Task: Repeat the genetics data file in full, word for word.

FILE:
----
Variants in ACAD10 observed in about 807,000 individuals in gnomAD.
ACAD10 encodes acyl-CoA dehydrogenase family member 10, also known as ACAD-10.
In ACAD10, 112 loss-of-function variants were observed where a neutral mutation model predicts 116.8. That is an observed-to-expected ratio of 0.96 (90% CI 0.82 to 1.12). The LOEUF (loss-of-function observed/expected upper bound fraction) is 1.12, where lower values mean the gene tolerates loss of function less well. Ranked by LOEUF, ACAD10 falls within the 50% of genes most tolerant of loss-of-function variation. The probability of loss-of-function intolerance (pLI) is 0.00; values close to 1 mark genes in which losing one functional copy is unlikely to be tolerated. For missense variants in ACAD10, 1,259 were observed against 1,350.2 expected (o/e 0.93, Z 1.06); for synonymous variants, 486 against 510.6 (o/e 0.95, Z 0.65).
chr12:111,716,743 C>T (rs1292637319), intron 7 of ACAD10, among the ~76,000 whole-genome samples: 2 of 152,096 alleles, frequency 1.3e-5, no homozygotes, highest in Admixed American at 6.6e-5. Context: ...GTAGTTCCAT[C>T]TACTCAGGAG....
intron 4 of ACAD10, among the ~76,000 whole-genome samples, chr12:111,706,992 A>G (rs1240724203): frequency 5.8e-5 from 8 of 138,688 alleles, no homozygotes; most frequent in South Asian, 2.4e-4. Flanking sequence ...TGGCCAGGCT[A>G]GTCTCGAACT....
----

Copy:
Variants in ACAD10 observed in about 807,000 individuals in gnomAD.
ACAD10 encodes acyl-CoA dehydrogenase family member 10, also known as ACAD-10.
In ACAD10, 112 loss-of-function variants were observed where a neutral mutation model predicts 116.8. That is an observed-to-expected ratio of 0.96 (90% CI 0.82 to 1.12). The LOEUF (loss-of-function observed/expected upper bound fraction) is 1.12, where lower values mean the gene tolerates loss of function less well. Ranked by LOEUF, ACAD10 falls within the 50% of genes most tolerant of loss-of-function variation. The probability of loss-of-function intolerance (pLI) is 0.00; values close to 1 mark genes in which losing one functional copy is unlikely to be tolerated. For missense variants in ACAD10, 1,259 were observed against 1,350.2 expected (o/e 0.93, Z 1.06); for synonymous variants, 486 against 510.6 (o/e 0.95, Z 0.65).
chr12:111,716,743 C>T (rs1292637319), intron 7 of ACAD10, among the ~76,000 whole-genome samples: 2 of 152,096 alleles, frequency 1.3e-5, no homozygotes, highest in Admixed American at 6.6e-5. Context: ...GTAGTTCCAT[C>T]TACTCAGGAG....
intron 4 of ACAD10, among the ~76,000 whole-genome samples, chr12:111,706,992 A>G (rs1240724203): frequency 5.8e-5 from 8 of 138,688 alleles, no homozygotes; most frequent in South Asian, 2.4e-4. Flanking sequence ...TGGCCAGGCT[A>G]GTCTCGAACT....